Article

Metal chelators change the human sperm motility pattern

Center for Dermatology and Andrology, Justus Liebig University, Giessen, Germany.
Fertility and Sterility (Impact Factor: 4.59). 07/2003; 79 Suppl 3:1584-9. DOI: 10.1016/S0015-0282(03)00255-3
Source: PubMed

ABSTRACT To investigate the influence of zinc on the generation of motility.
Prospective study.
Outpatient clinic of the Center of Dermatology and Andrology.
Seventy-three patients and 10 sperm donors.
Motile spermatozoa were isolated by swim-up and incubated for 1, 2, 4 or 6 hours with DL-penicillamine, 2,3-dimercaptopropan-1-sulfonate, and meso-2,3-dimercapto-succinimic acid at concentrations of 1, 10, and 100 micro mol/L.
Motility was analyzed by means of computer-assisted semen analysis (CASA).
Significant dose-dependent changes in nonlinear motility, progressive motility, and velocity straight line (VSL) were observed. After only 1 hour of incubation, nonlinear motility decreased, and progressive motility and VSL increased. The percentage of immotile spermatozoa was not affected. Time-dependent changes in motility were observed on a significantly higher or lower level as compared to the control. Comparing the chelators after 2 hours revealed that DL-penicillamine showed the strongest effect on the sperm.
The results imply that chelators can eliminate at least some part of the zinc from the flagellum. This zinc elimination appears to lead to comparable changes of the outer dense fibers as seen in vivo during epididymal maturation, finally resulting in improved motility.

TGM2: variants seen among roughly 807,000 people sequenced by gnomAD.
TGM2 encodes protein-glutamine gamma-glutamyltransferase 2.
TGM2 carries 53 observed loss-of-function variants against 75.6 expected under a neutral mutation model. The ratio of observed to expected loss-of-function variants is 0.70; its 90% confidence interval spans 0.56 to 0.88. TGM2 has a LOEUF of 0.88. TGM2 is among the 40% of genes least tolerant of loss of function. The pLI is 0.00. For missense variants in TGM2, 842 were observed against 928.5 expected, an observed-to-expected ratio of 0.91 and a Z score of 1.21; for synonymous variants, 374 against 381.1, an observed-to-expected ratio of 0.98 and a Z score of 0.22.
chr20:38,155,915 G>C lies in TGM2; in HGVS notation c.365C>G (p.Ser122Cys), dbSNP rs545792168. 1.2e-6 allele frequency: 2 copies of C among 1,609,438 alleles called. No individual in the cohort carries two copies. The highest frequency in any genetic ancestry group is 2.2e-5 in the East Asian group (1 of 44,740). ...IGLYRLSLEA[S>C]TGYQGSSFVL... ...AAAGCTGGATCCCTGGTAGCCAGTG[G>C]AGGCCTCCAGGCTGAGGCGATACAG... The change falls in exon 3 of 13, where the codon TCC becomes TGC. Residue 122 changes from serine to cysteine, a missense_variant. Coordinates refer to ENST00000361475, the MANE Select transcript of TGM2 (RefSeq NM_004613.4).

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    • "In vitro supplementation of metal chelators such as DLpenicillamine , 2,3-dimercaptopropan-1 sulphonate and meso-2,3-dimercapto-succinimic acid showed enhancement of sperm quality during assisted reproductive technique (Henkel and Schill, 2003). In a study by Wroblewski et al, incubating sperm with D-penicillamine significantly increased sperm motility (Wroblewski et al, 2003). Cadmium (Cd), a class B element, is capable of replacing zinc, thereby exerting its toxic effect in spermatogenesis . "
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    • "Coincidentally, previous studies on human semen from infertile patients and healthy donors revealed repeatedly a negative correlation between the zinc concentration in the flagella and the capacity for sperm motility and velocity (Henkel et al., 1999). Recently, a significant increase in the percentage of progressively motile human sperm, accompanied by a significant increase of straight line velocity, was observed after incubation with extracellular zinc chelators (Wroblewski et al., 2003). "
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